by Michael John Carley
When Australian spectrumite author, Donna Williams, passed after a long ride with breast cancer, her death in the U.S. went noticeably…unnoticed. Despite the internet’s capacity to sever distance, our collective loss on April 22, 2017 occurred like the far away event it geographically was. The news didn’t “hit” us. Instead, it trickled, relayed like a sidebar…some autism folks weren’t even aware she’d been sick. And when I spoke in Sydney—her native country—this past September, her passing wasn’t discussed by anyone…myself included.
Donna, for those who don’t know, was the author of landmark autism memoirs, starting with 1992’s “Nobody Nowhere.” Though her books did well, and the movie rights to her life were sold (reportedly, to actress Julia Roberts), she never achieved the fame or speaking notoriety of others. But Donna seemed ok with that. And I think this perceived comfort with who she was (as opposed to who she wasn’t), only intensified as the disease wore on her. She had learned—perhaps painfully—that she could not control outside circumstances, like you or I (or the dumb opinions we might have of her), or cancer. But what she could try and control was the narrative about her. If you were interested enough, then she wanted you to understand where she was by telling you the full, unedited story; however much the storytelling resonated as overkill, and however much it offended your pious distaste for self-centeredness. That was the way it had to be with Donna; as long ago, those in charge of her care had made too many mistakes regarding who she was.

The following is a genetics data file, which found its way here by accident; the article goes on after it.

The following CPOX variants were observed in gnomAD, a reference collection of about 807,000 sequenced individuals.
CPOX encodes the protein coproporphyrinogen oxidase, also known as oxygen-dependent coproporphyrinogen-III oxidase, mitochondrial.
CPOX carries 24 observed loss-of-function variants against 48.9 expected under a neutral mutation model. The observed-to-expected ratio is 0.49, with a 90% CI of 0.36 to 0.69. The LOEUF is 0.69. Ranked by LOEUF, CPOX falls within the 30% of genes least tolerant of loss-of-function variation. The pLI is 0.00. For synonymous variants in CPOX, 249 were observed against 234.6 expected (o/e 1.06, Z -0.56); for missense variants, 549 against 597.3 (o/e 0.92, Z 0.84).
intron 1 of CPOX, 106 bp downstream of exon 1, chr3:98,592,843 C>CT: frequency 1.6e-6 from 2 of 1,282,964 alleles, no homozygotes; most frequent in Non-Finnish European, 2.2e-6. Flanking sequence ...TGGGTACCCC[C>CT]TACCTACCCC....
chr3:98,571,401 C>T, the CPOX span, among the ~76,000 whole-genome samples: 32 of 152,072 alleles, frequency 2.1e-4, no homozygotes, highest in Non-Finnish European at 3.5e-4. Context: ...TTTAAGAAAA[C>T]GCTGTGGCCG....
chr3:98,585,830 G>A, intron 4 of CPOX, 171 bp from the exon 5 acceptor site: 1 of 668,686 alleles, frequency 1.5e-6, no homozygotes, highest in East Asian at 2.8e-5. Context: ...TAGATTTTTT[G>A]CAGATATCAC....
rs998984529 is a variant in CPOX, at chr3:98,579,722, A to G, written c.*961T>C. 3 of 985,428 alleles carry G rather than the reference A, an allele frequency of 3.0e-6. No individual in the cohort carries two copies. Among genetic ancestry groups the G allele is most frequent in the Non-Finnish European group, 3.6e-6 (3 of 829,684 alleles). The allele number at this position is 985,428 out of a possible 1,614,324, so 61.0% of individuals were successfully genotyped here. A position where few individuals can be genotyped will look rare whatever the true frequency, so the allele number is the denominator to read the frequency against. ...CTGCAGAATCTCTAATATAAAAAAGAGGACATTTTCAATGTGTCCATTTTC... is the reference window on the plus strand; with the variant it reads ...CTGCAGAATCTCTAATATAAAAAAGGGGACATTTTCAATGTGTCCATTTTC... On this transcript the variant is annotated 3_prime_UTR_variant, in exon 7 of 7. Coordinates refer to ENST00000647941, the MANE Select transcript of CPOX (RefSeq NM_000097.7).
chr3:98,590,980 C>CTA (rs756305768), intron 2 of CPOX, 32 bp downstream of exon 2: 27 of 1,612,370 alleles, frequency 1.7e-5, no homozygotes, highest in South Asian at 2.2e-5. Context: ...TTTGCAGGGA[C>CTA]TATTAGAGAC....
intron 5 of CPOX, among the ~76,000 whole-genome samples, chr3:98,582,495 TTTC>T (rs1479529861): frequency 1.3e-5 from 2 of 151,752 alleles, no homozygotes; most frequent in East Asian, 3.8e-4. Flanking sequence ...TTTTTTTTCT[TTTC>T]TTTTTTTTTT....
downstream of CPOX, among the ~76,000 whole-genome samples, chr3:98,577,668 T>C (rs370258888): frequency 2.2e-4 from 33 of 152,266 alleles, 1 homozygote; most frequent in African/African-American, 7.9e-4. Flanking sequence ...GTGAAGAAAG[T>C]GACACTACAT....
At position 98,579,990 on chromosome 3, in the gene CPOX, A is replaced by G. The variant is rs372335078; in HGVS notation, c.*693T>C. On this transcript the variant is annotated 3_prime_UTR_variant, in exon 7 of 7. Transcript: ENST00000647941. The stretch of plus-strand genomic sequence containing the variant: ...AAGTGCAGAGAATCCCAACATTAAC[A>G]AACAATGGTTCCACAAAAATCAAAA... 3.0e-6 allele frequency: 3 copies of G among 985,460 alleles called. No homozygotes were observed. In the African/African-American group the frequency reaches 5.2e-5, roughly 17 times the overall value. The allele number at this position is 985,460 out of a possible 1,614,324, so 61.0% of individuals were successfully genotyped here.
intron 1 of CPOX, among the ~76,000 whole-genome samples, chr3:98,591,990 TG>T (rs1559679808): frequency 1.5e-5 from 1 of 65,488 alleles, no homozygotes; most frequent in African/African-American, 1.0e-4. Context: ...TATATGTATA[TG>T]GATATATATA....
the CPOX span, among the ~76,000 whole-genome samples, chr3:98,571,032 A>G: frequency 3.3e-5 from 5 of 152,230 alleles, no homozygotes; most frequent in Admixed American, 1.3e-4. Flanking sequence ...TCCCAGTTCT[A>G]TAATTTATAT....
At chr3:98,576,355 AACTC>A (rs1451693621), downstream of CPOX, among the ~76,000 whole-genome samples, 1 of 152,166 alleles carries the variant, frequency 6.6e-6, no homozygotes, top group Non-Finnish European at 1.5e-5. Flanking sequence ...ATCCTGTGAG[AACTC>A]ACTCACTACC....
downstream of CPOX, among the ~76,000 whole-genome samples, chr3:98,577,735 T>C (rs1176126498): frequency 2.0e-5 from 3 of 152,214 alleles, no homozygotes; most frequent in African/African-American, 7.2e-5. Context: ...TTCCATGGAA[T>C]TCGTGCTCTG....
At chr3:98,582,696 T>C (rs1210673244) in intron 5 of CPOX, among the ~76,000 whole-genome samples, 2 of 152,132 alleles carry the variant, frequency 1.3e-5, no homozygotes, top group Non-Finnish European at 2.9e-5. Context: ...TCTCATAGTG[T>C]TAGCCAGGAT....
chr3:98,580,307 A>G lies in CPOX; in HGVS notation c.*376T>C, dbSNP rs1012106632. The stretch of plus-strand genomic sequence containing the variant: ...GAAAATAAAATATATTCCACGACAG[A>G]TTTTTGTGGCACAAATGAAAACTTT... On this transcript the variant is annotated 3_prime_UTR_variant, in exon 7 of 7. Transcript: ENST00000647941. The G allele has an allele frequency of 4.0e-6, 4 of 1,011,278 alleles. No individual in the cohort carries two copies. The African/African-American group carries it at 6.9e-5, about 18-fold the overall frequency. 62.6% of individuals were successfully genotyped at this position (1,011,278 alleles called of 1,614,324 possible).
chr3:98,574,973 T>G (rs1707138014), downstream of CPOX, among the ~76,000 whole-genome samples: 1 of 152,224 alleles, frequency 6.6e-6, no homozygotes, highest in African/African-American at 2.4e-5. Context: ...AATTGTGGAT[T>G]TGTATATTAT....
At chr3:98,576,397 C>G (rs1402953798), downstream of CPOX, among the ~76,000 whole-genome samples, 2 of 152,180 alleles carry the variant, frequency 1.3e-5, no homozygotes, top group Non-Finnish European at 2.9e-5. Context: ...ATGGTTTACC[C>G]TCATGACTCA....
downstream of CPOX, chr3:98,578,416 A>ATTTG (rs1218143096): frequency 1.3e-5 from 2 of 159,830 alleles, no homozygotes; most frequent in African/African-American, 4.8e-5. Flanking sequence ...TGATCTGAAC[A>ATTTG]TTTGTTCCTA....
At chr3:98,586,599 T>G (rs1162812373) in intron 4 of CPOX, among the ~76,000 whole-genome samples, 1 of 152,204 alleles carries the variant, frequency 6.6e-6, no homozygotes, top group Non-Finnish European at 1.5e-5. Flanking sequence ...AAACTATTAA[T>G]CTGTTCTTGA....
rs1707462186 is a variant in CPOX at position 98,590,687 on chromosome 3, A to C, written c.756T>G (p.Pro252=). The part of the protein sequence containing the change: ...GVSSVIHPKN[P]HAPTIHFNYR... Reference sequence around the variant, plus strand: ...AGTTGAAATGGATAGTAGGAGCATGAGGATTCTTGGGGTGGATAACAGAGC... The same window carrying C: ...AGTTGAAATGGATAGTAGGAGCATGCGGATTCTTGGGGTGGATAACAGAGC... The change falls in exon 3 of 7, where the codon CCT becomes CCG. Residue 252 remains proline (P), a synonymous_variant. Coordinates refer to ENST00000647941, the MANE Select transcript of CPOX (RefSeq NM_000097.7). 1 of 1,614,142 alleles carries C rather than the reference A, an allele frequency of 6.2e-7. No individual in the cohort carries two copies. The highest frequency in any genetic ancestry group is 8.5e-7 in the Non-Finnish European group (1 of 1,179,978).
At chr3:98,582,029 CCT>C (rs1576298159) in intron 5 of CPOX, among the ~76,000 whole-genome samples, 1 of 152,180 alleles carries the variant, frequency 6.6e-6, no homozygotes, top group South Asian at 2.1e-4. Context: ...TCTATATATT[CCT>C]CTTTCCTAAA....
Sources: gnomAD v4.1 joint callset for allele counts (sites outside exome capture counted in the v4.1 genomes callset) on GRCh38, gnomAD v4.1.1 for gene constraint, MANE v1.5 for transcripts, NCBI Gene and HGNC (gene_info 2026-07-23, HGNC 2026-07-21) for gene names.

And in the many vblogs about her cancer —as she charted both her physical demise, and her increased acceptance of death—she got the chance to die her way. Her acceptance felt real. Her humor wasn’t forced. Even if only her husband saw the full truth, we got the story (through YouTube vids and FaceBook posts) that she wanted us to have. Donna was making sure that there would be no opportunity for misinterpretation, or misunderstanding.